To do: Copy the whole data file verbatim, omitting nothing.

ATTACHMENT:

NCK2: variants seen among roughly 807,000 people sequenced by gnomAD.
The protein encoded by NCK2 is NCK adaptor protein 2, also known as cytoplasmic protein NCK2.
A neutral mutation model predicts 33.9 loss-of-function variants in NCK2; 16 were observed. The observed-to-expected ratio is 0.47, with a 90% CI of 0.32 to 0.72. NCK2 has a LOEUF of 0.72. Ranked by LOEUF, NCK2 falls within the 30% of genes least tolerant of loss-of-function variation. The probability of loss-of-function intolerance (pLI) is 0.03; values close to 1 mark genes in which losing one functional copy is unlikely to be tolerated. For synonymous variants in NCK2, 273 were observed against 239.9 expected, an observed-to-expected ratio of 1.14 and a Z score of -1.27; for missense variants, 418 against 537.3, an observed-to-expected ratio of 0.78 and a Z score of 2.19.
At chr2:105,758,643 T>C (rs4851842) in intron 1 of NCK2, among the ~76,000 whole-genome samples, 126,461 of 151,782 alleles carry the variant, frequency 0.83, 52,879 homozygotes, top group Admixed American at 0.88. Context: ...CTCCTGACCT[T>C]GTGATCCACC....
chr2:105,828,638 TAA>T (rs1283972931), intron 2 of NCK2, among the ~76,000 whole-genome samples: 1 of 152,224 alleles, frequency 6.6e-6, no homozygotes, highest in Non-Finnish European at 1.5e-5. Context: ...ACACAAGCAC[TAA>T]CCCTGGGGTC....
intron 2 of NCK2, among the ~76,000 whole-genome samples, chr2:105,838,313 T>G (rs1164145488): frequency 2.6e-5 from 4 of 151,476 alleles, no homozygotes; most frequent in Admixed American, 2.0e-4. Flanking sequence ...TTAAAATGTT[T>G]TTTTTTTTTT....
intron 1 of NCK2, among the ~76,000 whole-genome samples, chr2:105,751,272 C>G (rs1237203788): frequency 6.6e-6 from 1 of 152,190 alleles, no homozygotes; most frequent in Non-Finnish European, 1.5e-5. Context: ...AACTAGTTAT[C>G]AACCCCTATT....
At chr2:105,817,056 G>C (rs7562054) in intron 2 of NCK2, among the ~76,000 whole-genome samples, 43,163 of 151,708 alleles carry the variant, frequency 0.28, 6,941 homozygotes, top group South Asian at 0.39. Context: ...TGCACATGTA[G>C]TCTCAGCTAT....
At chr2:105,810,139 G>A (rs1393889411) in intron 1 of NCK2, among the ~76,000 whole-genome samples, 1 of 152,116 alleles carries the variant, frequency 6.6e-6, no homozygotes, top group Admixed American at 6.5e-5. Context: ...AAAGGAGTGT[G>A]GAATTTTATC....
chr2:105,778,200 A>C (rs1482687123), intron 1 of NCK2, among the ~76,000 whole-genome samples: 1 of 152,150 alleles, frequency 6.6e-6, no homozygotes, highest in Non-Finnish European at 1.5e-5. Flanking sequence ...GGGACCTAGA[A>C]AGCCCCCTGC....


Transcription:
NCK2: variants seen among roughly 807,000 people sequenced by gnomAD.
The protein encoded by NCK2 is NCK adaptor protein 2, also known as cytoplasmic protein NCK2.
A neutral mutation model predicts 33.9 loss-of-function variants in NCK2; 16 were observed. The observed-to-expected ratio is 0.47, with a 90% CI of 0.32 to 0.72. NCK2 has a LOEUF of 0.72. Ranked by LOEUF, NCK2 falls within the 30% of genes least tolerant of loss-of-function variation. The probability of loss-of-function intolerance (pLI) is 0.03; values close to 1 mark genes in which losing one functional copy is unlikely to be tolerated. For synonymous variants in NCK2, 273 were observed against 239.9 expected, an observed-to-expected ratio of 1.14 and a Z score of -1.27; for missense variants, 418 against 537.3, an observed-to-expected ratio of 0.78 and a Z score of 2.19.
At chr2:105,758,643 T>C (rs4851842) in intron 1 of NCK2, among the ~76,000 whole-genome samples, 126,461 of 151,782 alleles carry the variant, frequency 0.83, 52,879 homozygotes, top group Admixed American at 0.88. Context: ...CTCCTGACCT[T>C]GTGATCCACC....
chr2:105,828,638 TAA>T (rs1283972931), intron 2 of NCK2, among the ~76,000 whole-genome samples: 1 of 152,224 alleles, frequency 6.6e-6, no homozygotes, highest in Non-Finnish European at 1.5e-5. Context: ...ACACAAGCAC[TAA>T]CCCTGGGGTC....
intron 2 of NCK2, among the ~76,000 whole-genome samples, chr2:105,838,313 T>G (rs1164145488): frequency 2.6e-5 from 4 of 151,476 alleles, no homozygotes; most frequent in Admixed American, 2.0e-4. Flanking sequence ...TTAAAATGTT[T>G]TTTTTTTTTT....
intron 1 of NCK2, among the ~76,000 whole-genome samples, chr2:105,751,272 C>G (rs1237203788): frequency 6.6e-6 from 1 of 152,190 alleles, no homozygotes; most frequent in Non-Finnish European, 1.5e-5. Context: ...AACTAGTTAT[C>G]AACCCCTATT....
At chr2:105,817,056 G>C (rs7562054) in intron 2 of NCK2, among the ~76,000 whole-genome samples, 43,163 of 151,708 alleles carry the variant, frequency 0.28, 6,941 homozygotes, top group South Asian at 0.39. Context: ...TGCACATGTA[G>C]TCTCAGCTAT....
At chr2:105,810,139 G>A (rs1393889411) in intron 1 of NCK2, among the ~76,000 whole-genome samples, 1 of 152,116 alleles carries the variant, frequency 6.6e-6, no homozygotes, top group Admixed American at 6.5e-5. Context: ...AAAGGAGTGT[G>A]GAATTTTATC....
chr2:105,778,200 A>C (rs1482687123), intron 1 of NCK2, among the ~76,000 whole-genome samples: 1 of 152,150 alleles, frequency 6.6e-6, no homozygotes, highest in Non-Finnish European at 1.5e-5. Flanking sequence ...GGGACCTAGA[A>C]AGCCCCCTGC....